Zimbabwe Leads the Way in Renewable Energy Revolution

President Mnangagwa opens a landmark conference on clean energy in Victoria Falls

by Victor Adetimilehin

Zimbabwe is making strides in the quest for a sustainable energy future, as President Edson Mnangagwa officially opened the 5th Renewable Energy Conference Expo in Victoria Falls on Wednesday.

The conference, which runs from February 27 to March 1, brings together experts, investors, and policymakers from across the continent and beyond to share ideas and solutions for harnessing the power of renewable energy sources such as solar, wind, hydro, and biomass.

The theme of the conference is “Building a Sustainable Energy Future”, reflecting Zimbabwe’s commitment to achieving the 2030 Agenda for Sustainable Development and the Paris Agreement on climate change.

In his keynote address, delivered by Vice President Constantino Chiwenga, President Mnangagwa challenged the energy sector to innovate and implement robust solutions that will propel the country and the region towards renewable energy targets.

“As we do so, it is critically important that we remain cognizant of our obligations and commitments at the global level. More so, that Zimbabwe joined the comity of nations in supporting the Renewables and Energy Efficiency Pledge as well as the Cooling Pledge at COP 28 held in the United Arab Emirates last November,” he said.

The president also highlighted Zimbabwe’s role as a founding member of the Accelerated Partnership for Renewables in Africa (APRA), a collaborative initiative launched at the African Climate Summit in September 2023 by Kenya, Ethiopia, Namibia, Rwanda, Sierra Leone, and Zimbabwe, with support from Denmark, Germany, the United Arab Emirates, and the International Renewable Energy Agency.

Zimbabwe’s renewable energy potential

Zimbabwe has abundant renewable energy resources, especially solar and hydro, that can help meet the growing electricity demand and reduce the dependence on fossil fuels.

According to the Ministry of Energy and Power Development, the country has an installed capacity of 2,300 megawatts (MW) of electricity, of which 1,050 MW comes from hydropower plants, mainly the Kariba Dam, which is shared with Zambia.

However, due to recurrent droughts and low water levels, hydropower generation has been severely affected, leading to frequent power cuts and load shedding.

To address this challenge, Zimbabwe has embarked on several renewable energy projects, both public and private, that aim to diversify the energy mix and increase the supply of clean and affordable electricity.

Some of the notable projects include:

– The expansion of the Kariba South Power Station, which added 300 MW to the national grid in 2018.

– The construction of the Hwange Thermal Power Station, which is expected to add 600 MW by 2025, using clean coal technology and carbon capture and storage.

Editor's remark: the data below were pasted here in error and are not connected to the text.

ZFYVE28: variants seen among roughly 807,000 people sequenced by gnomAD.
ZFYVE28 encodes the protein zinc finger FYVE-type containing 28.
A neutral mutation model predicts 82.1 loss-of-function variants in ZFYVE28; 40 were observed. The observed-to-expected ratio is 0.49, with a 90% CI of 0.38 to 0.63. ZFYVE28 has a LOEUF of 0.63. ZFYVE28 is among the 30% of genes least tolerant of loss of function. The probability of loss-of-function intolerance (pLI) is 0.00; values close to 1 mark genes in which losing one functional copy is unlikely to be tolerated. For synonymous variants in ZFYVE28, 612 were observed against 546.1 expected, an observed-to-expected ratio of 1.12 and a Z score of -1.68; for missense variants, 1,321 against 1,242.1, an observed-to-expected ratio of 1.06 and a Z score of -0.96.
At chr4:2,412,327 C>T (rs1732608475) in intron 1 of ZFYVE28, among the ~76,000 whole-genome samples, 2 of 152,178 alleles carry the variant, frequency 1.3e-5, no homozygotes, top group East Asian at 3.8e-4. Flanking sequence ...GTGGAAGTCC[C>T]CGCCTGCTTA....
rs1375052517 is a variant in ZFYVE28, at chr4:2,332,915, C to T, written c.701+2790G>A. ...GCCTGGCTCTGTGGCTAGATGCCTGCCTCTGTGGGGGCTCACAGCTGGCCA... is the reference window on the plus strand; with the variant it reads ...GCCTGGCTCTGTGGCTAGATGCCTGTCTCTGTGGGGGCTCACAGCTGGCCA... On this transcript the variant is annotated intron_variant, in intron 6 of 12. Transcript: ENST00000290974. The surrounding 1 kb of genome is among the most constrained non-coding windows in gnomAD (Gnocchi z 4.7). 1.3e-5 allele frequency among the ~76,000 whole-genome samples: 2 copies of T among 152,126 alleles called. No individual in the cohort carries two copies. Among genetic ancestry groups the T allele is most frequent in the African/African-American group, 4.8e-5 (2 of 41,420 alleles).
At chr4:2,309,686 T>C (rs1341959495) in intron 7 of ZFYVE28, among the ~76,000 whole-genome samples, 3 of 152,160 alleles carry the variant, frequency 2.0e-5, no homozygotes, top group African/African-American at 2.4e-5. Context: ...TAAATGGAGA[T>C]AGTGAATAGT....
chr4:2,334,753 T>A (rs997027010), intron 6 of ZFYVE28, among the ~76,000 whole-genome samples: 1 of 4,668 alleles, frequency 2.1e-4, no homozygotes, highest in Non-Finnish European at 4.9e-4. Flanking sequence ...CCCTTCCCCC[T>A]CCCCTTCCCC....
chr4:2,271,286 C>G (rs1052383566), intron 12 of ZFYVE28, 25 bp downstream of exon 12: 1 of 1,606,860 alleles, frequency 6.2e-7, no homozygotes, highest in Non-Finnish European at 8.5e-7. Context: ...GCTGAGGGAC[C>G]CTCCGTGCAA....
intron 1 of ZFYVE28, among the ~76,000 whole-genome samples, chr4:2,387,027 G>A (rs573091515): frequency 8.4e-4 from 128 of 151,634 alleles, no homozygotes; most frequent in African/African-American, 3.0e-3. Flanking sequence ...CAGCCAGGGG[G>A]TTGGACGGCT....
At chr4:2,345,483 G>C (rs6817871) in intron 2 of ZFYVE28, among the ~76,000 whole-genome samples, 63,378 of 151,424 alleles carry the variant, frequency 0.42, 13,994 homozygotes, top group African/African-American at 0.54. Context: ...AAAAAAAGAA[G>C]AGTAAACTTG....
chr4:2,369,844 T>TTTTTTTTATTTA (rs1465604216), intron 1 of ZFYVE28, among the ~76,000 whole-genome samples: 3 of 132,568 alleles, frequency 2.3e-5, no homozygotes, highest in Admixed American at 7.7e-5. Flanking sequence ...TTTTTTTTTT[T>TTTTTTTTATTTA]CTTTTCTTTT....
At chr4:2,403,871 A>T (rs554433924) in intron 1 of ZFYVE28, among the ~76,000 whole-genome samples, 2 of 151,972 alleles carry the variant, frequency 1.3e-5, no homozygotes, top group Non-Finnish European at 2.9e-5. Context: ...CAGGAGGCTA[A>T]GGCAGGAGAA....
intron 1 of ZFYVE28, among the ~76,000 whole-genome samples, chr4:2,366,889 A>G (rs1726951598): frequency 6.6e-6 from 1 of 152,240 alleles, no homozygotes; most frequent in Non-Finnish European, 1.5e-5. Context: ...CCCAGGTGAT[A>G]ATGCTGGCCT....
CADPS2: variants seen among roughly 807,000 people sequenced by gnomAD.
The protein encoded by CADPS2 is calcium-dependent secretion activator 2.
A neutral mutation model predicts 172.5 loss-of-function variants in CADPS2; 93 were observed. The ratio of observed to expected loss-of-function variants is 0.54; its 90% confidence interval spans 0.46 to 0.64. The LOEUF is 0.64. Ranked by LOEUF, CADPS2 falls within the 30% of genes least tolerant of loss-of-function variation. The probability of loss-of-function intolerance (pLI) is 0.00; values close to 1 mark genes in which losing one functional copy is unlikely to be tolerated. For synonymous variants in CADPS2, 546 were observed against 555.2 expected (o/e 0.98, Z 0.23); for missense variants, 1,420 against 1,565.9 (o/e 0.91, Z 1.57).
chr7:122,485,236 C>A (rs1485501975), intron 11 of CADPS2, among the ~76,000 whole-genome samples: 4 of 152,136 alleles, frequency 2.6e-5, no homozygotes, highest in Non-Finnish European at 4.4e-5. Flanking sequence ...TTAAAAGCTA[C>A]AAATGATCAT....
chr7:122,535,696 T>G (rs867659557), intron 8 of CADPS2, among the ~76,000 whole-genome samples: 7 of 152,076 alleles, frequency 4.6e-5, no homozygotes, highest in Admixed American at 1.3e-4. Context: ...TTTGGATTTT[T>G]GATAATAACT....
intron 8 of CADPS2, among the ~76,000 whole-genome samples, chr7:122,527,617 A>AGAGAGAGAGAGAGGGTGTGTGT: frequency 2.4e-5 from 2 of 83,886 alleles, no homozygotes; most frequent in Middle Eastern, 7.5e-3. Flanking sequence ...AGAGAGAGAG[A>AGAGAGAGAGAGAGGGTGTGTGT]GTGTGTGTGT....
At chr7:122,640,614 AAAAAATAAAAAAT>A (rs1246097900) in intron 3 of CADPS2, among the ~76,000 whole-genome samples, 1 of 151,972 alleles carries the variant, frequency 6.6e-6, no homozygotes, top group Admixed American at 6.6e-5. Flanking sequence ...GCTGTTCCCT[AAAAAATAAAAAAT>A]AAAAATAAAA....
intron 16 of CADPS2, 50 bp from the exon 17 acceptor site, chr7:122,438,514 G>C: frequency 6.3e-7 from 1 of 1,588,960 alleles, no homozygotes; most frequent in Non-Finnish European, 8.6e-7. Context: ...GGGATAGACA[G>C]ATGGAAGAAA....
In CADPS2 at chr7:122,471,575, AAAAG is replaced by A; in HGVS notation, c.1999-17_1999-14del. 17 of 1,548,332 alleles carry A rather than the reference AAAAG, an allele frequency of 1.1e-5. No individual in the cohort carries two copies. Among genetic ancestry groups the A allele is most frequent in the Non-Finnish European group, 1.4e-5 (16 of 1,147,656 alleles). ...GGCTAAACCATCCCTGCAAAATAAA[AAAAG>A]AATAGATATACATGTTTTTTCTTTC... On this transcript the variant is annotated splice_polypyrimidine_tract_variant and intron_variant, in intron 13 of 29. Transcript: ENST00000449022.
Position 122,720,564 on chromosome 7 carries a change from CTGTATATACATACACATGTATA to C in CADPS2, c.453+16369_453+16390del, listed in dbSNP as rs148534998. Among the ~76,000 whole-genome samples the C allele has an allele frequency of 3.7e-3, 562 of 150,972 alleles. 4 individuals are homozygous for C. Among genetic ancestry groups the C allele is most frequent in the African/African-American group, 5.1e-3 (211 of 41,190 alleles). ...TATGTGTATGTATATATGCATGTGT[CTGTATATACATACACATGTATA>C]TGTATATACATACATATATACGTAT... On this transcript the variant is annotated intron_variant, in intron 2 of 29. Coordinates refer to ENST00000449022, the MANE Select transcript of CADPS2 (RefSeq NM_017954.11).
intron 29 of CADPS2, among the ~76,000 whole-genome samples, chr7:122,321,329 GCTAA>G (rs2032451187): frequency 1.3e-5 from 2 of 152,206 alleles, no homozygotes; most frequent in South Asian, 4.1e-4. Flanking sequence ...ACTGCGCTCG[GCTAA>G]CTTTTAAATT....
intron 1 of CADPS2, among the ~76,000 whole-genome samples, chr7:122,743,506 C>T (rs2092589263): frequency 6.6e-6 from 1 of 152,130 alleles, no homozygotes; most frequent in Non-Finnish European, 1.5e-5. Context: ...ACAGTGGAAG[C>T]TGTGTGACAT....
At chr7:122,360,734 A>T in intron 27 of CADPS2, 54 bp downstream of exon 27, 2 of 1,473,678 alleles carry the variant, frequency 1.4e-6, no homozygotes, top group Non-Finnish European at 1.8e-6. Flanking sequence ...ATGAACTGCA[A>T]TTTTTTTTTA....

– The development of the Batoka Gorge Hydro Power Project, a joint venture with Zambia, which will generate 2,400 MW of electricity upon completion in 2027.

– The installation of solar water heaters in households and institutions, which has saved about 50 MW of electricity since 2019, thanks to the Electricity Solar Water Heating Regulations.

– The promotion of mini-grids and off-grid solutions, especially in rural and remote areas, which has increased the access to electricity from 40% in 2018 to 60% in 2023, according to the Rural Electrification Agency.

– The licensing of independent power producers (IPPs), who have invested in various renewable energy projects, such as solar farms, wind farms, biogas plants, and biomass plants, adding 271 MW of clean energy to the grid.

A bright future for renewable energy

The Renewable Energy Conference Expo is expected to showcase the achievements and opportunities of renewable energy in Zimbabwe and the region, as well as the challenges and solutions for scaling up and financing the sector.

The conference will also feature exhibitions, workshops, panel discussions, and networking sessions, as well as site visits to some of the renewable energy projects in the country.

The conference is organized by the Ministry of Energy and Power Development, in partnership with Alpha Media Holdings, a leading media group in Zimbabwe, and supported by various sponsors and partners, such as the United Nations, the European Union, the African Development Bank, and the World Bank.

Also, the conference is expected to attract over 500 delegates, including ministers, ambassadors, CEOs, academics, journalists, and civil society representatives, from more than 20 countries.

It is also expected to generate positive impacts on the local economy, especially the tourism and hospitality sector, which has been hit hard by the COVID-19 pandemic.

The conference organizers have put in place strict health and safety protocols, in line with the COVID-19 guidelines, to ensure the well-being of the participants and the host community.

Source: The Herald


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